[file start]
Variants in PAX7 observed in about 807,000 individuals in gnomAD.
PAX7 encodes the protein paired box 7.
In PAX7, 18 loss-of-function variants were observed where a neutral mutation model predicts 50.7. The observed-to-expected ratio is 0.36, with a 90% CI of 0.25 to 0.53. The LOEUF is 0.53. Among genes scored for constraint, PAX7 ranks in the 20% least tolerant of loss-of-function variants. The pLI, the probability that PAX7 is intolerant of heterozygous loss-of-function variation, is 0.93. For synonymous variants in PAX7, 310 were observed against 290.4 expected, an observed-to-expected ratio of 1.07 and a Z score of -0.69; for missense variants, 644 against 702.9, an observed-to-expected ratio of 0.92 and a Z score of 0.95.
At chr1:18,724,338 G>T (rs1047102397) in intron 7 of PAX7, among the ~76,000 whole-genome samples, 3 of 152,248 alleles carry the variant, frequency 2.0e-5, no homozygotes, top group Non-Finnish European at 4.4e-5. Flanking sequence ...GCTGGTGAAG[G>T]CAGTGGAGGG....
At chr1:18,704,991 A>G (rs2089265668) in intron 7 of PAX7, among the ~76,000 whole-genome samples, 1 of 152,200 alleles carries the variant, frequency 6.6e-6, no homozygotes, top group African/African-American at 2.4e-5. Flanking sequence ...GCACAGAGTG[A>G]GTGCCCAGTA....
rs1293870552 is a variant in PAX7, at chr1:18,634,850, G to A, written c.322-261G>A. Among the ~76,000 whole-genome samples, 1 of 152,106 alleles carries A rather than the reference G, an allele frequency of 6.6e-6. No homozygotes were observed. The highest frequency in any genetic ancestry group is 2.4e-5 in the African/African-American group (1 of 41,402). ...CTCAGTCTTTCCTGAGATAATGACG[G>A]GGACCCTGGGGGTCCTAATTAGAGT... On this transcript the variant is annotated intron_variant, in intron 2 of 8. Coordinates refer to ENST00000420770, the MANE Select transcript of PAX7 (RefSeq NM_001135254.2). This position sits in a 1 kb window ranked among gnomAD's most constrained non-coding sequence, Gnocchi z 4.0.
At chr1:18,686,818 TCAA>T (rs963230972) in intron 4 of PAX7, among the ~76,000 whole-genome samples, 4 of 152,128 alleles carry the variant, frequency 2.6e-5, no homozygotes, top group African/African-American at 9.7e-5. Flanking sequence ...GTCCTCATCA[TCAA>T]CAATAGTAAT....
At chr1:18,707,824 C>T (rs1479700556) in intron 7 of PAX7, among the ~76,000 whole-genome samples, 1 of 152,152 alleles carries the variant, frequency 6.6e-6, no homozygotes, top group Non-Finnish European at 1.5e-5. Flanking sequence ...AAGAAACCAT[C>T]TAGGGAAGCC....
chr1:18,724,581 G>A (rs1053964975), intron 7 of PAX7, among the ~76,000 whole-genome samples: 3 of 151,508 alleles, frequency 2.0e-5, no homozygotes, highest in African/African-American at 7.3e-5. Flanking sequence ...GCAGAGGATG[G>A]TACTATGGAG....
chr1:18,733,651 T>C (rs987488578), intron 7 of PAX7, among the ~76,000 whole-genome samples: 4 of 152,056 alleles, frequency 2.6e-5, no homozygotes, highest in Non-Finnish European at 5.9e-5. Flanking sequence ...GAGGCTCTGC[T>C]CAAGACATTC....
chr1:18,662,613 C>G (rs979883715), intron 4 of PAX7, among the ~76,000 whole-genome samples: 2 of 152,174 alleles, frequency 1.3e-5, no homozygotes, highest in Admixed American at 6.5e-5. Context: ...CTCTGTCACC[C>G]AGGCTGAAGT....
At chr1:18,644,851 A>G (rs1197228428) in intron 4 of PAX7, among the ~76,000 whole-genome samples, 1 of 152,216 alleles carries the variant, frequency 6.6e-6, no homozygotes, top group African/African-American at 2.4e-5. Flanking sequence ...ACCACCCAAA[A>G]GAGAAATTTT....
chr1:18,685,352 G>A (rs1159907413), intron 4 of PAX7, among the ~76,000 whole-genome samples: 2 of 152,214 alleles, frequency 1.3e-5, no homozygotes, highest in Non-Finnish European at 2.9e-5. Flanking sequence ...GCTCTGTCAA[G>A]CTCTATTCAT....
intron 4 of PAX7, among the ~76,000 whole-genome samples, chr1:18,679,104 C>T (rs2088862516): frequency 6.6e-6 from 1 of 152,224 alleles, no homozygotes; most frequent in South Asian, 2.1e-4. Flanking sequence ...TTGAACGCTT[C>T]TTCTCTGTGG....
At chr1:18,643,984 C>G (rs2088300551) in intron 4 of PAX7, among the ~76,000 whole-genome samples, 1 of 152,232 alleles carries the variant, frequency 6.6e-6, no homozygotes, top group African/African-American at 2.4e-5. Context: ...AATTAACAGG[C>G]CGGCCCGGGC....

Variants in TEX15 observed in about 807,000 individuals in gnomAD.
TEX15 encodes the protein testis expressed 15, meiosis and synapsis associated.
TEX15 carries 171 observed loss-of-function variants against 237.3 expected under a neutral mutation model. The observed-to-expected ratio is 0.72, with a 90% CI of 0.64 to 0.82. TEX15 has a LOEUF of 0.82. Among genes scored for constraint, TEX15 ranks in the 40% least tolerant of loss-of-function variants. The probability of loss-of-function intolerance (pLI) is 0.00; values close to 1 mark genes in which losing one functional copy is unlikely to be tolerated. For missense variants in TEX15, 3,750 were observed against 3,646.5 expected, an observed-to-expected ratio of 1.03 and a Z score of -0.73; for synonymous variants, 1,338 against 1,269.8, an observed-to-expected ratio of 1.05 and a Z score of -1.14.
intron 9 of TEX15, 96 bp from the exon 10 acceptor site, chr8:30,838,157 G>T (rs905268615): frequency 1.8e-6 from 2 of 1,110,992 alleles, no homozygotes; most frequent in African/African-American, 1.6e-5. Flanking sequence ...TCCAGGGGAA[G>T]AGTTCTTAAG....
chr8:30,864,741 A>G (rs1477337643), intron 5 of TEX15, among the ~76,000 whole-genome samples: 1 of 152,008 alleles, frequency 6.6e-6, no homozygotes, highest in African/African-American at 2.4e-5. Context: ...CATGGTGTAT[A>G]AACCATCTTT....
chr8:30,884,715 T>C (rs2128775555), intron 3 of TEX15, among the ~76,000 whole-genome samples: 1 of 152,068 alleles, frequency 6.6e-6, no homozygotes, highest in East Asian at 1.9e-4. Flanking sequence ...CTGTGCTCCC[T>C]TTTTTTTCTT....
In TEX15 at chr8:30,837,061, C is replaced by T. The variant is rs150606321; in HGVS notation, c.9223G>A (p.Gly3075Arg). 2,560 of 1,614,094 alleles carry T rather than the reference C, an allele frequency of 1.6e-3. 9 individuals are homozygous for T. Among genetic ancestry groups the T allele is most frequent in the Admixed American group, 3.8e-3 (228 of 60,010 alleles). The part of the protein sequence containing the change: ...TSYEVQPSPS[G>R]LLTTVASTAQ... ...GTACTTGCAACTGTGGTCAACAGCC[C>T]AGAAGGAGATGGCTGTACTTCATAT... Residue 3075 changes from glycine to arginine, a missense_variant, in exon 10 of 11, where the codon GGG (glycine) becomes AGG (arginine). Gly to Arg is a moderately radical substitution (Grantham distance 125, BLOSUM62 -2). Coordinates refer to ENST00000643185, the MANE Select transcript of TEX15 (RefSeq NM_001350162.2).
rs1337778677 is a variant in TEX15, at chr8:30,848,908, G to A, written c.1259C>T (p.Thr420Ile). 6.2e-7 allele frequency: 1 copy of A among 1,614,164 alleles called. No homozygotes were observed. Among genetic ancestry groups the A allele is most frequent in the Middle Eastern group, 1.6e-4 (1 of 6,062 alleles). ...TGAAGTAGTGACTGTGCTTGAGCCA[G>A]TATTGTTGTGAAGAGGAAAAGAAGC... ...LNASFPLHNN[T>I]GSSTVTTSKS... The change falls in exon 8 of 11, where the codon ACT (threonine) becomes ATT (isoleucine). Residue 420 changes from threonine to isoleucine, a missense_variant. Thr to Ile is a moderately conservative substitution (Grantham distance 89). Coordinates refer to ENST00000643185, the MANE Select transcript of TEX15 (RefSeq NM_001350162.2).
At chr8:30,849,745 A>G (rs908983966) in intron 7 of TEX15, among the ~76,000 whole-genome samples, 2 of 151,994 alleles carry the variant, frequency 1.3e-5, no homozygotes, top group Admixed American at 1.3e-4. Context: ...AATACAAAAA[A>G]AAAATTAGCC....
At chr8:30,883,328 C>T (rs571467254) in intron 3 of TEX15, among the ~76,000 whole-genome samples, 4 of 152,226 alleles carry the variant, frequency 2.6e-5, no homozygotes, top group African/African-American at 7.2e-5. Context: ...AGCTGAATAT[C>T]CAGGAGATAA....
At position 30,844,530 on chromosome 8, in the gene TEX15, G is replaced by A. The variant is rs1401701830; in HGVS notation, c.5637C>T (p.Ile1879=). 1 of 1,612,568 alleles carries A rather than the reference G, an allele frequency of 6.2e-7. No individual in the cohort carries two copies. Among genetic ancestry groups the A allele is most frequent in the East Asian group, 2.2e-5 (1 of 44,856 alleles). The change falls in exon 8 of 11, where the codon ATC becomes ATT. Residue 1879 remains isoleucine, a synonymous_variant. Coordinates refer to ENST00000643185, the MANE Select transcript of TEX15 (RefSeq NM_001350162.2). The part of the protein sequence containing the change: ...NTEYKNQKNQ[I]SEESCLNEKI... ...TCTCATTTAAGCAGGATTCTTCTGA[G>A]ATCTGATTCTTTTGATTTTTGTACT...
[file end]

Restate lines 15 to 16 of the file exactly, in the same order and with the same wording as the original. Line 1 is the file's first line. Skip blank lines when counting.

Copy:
At chr1:18,643,984 C>G (rs2088300551) in intron 4 of PAX7, among the ~76,000 whole-genome samples, 1 of 152,232 alleles carries the variant, frequency 6.6e-6, no homozygotes, top group African/African-American at 2.4e-5. Context: ...AATTAACAGG[C>G]CGGCCCGGGC....

Variants in TEX15 observed in about 807,000 individuals in gnomAD.